Also, starting off on something like a GTI or VX is great to get your feet wet in the sport and it’s also easier to sell if you don’t like the sport or want to upgrade to more power. There are far more buyers looking for entry-level used jet skis than they are supercharged models. And for most riders, the GTI or VX are fast enough even if they top out at 55MPH as that “feels like” 80MPH to them. But if you can handle the power for the supercharged models then go for it.

  2. Understand there’s a shortage of machines this season but find it very frustrating dealers won’t give pricing unless you are in the showroom especially when the dealership website shows units in stock. Traveling several hours only to find huge markups is not fun.

  3. Hi Steve
    I know you have mentioned the Sea do spark not great for beginners, is the sea doo wave any more suitable please ?

    • Are you talking about the WAKE? If so it’s a great option as it’s built on the GTI body which makes for a great beginner jet ski. When it comes to beginners you want a jet ski with brakes and not every Spark comes with them but every GTI does. Brakes and starting in neutral are super helpful especially if you’re a beginner.

  4. I would love if you can offer me some advice. We live near the ocean and I am in the process of looking for our first jetski. I have been looking at the Kawasakis. I really like the STX160LX but likely cannot get stock until October. It also costs $20k (AUD). I also found a 2013 Kawasaki 300x with 90hrs. With the 100hr service, fish sounder, eski, rod holders, trailer and rego it is $11,500. The plus side is I could get it sooner and save money on purchase. The downside is the cost of servicing and maintaining a supercharged model and not getting the 5 year warranty. The 3rd option is a standard STX160 which is brand new, in stock and $16750 including trailer and rego. I feel that if I am buying new, I would really like the LX version with speakers. I know this isn’t important to a lot of people, but I would really like to have this.

    What’s the best option here?

    • The 300X would be the better machine for sure. It will consume more gas and needs more maintenance but it’s not as bad as you think. I will say if you go with the 300X it will spoil you and getting something in the future that is smaller or slower will suck.

      • So if I start with that I’m not going to be able to go back from supercharged am I? Hmm. Or is there something else in that category I should consider? I’m wanting good deck space and storage as the use will be cruising to various reefs and beaches for snorkelling, diving and day trips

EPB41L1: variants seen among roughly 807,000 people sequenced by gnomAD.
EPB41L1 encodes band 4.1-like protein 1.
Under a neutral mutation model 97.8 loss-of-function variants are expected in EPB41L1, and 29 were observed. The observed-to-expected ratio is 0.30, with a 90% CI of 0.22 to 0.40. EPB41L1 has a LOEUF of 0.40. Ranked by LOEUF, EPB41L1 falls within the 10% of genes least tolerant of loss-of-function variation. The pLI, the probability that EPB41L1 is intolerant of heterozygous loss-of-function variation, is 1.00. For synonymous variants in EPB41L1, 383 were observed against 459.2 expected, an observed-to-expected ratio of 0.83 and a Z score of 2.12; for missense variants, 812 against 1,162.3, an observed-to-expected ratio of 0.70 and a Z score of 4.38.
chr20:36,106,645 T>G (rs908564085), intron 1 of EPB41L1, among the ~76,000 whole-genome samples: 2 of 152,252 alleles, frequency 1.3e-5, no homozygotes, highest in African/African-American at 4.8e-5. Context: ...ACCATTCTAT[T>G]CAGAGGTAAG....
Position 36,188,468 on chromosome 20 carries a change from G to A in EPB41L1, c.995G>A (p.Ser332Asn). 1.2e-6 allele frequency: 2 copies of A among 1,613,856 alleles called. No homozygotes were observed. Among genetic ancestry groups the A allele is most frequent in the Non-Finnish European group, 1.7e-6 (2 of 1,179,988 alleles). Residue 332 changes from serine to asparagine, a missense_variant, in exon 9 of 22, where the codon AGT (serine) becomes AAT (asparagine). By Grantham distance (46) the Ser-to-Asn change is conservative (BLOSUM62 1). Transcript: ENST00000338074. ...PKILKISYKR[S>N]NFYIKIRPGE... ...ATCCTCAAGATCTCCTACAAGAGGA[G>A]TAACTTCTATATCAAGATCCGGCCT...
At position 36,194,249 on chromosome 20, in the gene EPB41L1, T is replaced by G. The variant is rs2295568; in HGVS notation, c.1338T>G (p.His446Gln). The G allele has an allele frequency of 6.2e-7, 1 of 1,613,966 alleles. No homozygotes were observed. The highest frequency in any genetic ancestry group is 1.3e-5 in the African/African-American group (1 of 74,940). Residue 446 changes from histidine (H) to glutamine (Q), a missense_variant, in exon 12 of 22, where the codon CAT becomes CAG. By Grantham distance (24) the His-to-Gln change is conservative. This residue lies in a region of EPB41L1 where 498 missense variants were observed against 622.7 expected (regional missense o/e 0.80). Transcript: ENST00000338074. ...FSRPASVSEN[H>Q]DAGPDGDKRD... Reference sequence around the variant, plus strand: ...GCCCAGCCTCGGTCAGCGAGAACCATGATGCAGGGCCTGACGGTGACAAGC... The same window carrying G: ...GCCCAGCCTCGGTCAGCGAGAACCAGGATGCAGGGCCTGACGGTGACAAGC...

• The 300 will be fine. The speed and power are good for what you need but riding anything else will feel sluggish. The hull is a good size for what you want to do too.

  5. Thanks for all of info as it is very helpful!
    I have several questions for you.
    1. Supply is limited this year and my local dealer said they are taking only $75 off of the MSRP for the GTX. In reading all of the comments from 2020, this sounds like it’s not a great deal and perhaps I should be shopping around?
    2. I am a first time buyer and am looking at the GTI SE 130, GTI SE 170 and the GTX 170 for use on a 9 mile lake. A friend talked me into the GTX 170 for the comfort and stability but my family is telling me that this is more than I need and that 170 HP is too much power. Thank you!

    • Most dealers are not taking anything off MSRP due to supply being low so seeing one do it is rare this year so far. But it never hurts to email 2 more dealers near you and get a quote. Most dealers ran out of 2020 models before the season was over so I would not wait to put your name on a jet ski. The GTX will for sure be a better ride but I would not consider the 170HP too much power, it’s more middle of the road. It’s when you get models with a supercharger that you get in the range of too much power if you ask me. All Sea-Doos start off in touring mode which is a slow take-off and very easy going for new riders. You can even put it in ECO mode for a slower ride. If you can go for the 170HP then for sure get it; the 130 is not lacking but the 170 has the bottom end power for pull sports and is just a good all-around engine.

  6. I am considering a 2017 Yamaha fx cruiser with only 17 hours. The seller has no records of maintenance of the 10 hour service and says he changed the oil and lubed. It is still under extended warranty. Should I have it checked out by a dealer for any problems even though it is still under warranty? Should I get the 10 hour service done now if I buy it?

    • It’s better to be safe than sorry, I would get the oil change done anyway if he can’t supply proof of it and get it checked out by a dealer too.

  7. Will a dealership charge a freight charge for a VX Cruiser HO? I just put a deposit down on one (they are all out) for when one comes in (whenever that will be). We didn’t talk prices or fees yet.

    Also, the dealership I put the deposit down on sells Triton trailers which I like. Will ta dealership typically supply transom tie downs for the back of the trailer? Or is that something they would typically sell a customer? (If not, I can buy my own ahead of time). Thanks.